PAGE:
The judge sided with municipal health officials who defended the order as a rare but necessary step to contain a surge in the highly contagious disease that has infected at least 329 people so far, most of them children from Orthodox Jewish communities in the borough of Brooklyn.

Another 222 cases have been diagnosed elsewhere in New York state, mostly in a predominantly ultra-Orthodox Jewish neighborhood of Rockland County, northwest of Manhattan.

The New York outbreaks are part of a larger resurgence of measles across the country, with at least 555 cases confirmed in 20 states, according to the U.S. Centers for Disease Control and Prevention.

Health experts say the virus, which can cause severe complications and even death, has spread mostly among school-age children whose parents declined to get them vaccinated. Most profess philosophical or religious reasons, or cite concerns — debunked by medical science — that the three-way measles-mumps-rubella (MMR) vaccine may cause autism.

The judge rejected the parents’ contention that the vaccination order was excessive or coercive, noting it does not call for forcibly administering the vaccine to those who refuse it.

He also dismissed assertions in the petition disputing the “clear and present danger” of the outbreak. “Vaccination is known to extinguish the fire of contagion,” the judge said.

FILE PHOTO: A sign warning people of measles in the ultra-Orthodox Jewish community of Williamsburg in New York City, April 11, 2019.
A sign warning people of measles in the ultra-Orthodox Jewish community of Williamsburg in New York City, April 11, 2019. VOA

Secret identities

The vaccination order, which was extended this week, requires residents of certain affected Brooklyn neighborhoods to obtain the MMR vaccine unless they can otherwise demonstrate immunity to measles, or face a fine.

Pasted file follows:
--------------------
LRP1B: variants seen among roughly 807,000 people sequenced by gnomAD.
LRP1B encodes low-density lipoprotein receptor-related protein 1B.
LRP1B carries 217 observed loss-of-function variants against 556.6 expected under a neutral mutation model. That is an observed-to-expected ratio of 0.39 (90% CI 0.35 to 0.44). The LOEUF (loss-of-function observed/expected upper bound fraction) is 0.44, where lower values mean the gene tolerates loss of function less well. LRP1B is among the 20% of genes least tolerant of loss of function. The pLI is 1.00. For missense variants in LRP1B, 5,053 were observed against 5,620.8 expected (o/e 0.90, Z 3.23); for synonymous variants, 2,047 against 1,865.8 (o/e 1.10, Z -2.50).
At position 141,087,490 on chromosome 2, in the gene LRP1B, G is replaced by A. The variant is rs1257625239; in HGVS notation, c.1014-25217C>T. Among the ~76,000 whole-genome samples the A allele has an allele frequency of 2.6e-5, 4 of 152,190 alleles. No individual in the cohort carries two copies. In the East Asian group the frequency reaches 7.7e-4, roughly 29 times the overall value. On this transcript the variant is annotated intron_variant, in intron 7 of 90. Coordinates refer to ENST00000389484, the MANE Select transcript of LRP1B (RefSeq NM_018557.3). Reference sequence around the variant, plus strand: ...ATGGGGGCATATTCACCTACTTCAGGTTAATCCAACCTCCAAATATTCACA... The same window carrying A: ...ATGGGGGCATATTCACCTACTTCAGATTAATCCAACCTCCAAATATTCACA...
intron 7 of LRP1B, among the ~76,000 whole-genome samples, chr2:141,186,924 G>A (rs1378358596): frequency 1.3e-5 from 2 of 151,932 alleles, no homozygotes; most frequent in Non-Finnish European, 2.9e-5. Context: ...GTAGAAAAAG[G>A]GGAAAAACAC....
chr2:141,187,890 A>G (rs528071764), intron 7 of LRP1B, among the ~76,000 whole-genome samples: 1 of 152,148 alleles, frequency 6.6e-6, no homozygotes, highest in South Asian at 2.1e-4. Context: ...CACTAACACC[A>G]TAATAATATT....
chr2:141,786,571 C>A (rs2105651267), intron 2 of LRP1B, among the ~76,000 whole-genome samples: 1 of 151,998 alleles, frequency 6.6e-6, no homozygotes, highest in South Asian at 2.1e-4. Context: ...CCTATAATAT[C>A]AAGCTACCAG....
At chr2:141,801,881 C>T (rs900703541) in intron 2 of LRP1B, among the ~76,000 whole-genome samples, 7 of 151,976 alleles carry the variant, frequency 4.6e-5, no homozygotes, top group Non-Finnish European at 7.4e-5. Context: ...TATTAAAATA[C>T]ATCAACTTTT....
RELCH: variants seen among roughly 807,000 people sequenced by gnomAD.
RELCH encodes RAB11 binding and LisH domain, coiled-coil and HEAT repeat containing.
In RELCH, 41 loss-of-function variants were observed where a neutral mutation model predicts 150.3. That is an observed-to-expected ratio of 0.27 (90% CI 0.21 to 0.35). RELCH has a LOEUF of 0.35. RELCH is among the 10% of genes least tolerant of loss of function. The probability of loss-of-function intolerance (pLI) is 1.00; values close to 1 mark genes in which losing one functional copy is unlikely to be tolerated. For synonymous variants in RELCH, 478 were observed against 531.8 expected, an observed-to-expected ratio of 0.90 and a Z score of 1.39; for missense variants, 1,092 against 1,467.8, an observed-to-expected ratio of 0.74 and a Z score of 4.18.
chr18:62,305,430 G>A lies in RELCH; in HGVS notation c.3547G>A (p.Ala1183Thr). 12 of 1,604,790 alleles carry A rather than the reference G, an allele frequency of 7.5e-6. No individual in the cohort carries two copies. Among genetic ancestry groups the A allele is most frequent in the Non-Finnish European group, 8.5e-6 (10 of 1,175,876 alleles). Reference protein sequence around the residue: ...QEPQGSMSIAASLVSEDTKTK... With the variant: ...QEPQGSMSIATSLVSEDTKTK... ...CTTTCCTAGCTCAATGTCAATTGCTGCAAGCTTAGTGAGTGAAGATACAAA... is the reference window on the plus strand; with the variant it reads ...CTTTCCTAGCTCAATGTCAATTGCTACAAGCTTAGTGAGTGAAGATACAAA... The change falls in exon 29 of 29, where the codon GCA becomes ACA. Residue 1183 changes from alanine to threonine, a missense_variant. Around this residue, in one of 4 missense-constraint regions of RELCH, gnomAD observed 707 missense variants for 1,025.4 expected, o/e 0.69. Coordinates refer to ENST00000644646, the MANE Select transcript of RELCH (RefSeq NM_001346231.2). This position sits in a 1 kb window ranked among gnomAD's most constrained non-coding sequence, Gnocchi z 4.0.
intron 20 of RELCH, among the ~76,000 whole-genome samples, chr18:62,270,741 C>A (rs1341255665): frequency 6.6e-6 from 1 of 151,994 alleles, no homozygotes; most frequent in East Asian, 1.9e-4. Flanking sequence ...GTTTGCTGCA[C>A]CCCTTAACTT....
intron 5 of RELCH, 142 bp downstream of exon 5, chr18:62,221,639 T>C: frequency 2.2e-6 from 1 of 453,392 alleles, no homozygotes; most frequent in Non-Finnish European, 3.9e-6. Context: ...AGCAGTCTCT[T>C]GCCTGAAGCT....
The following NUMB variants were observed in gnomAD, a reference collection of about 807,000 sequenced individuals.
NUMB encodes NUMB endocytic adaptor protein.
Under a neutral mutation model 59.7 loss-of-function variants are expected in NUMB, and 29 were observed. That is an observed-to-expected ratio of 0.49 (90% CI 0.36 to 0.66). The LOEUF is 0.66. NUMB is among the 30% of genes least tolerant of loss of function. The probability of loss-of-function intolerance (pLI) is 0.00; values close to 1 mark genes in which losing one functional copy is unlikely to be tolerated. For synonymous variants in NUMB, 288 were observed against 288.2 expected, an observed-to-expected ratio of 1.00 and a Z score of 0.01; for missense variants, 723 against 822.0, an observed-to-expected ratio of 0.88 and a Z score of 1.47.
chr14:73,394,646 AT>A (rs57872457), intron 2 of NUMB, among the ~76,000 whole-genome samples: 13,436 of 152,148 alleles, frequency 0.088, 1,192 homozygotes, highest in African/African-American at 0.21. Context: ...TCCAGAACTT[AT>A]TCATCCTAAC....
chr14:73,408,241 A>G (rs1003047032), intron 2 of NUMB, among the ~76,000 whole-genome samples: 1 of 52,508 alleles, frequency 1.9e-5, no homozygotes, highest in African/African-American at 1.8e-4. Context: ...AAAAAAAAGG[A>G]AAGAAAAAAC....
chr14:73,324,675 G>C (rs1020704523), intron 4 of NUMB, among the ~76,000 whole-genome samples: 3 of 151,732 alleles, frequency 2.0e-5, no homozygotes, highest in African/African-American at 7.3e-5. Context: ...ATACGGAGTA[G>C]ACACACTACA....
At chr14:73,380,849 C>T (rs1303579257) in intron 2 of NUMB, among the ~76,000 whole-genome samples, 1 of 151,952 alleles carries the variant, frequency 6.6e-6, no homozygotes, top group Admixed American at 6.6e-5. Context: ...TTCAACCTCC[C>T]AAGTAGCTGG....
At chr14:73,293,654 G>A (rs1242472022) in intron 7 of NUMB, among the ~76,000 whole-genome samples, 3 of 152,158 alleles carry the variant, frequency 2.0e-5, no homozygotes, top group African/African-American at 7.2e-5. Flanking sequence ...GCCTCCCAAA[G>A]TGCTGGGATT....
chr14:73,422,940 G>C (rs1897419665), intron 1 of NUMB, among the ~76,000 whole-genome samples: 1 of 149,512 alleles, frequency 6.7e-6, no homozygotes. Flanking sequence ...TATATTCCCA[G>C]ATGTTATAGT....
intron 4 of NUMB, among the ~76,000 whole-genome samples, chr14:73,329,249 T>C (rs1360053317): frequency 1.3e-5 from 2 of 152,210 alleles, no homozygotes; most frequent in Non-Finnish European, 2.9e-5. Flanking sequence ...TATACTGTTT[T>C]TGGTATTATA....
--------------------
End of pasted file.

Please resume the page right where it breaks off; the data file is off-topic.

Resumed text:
The court challenge was brought in Brooklyn’s Supreme Court by five people identified only as parents living in the affected neighborhoods. Their identities were kept confidential to protect their children’s’ privacy, their lawyers said.

In court on Thursday, they told Knipel the city had overstepped its authority and that quarantining the infected would be a preferable approach.

Robert Krakow, an attorney for the parents, estimated that just 0.0006 percent of the population of Brooklyn and Queens had measles. “That’s not an epidemic,” he said. “It’s not Ebola. It’s not smallpox.”

The health department’s lawyers argued that quarantining was ineffective because people carrying the virus can be contagious before symptoms appear.

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The vaccination order, which was extended this week, requires residents of certain affected Brooklyn neighborhoods to obtain the MMR vaccine unless they can otherwise demonstrate immunity to measles, or face a fine. Pixabay

The judge cited 39 cases diagnosed in Michigan that have been traced to an individual traveling from the Williamsburg community at the epicenter of Brooklyn’s outbreak.

Also Read: Short-Circuit Likely The Cause of Notre Dame Fire, Claims Police Investigators

The surge in measles there originated with an unvaccinated child who became infected on a visit to Israel, where the highly contagious virus is also running rampant.

The number of measles cases worldwide nearly quadrupled in the first quarter of 2019 to 112,163 compared with the same period last year, the World Health Organization said this week. (VOA)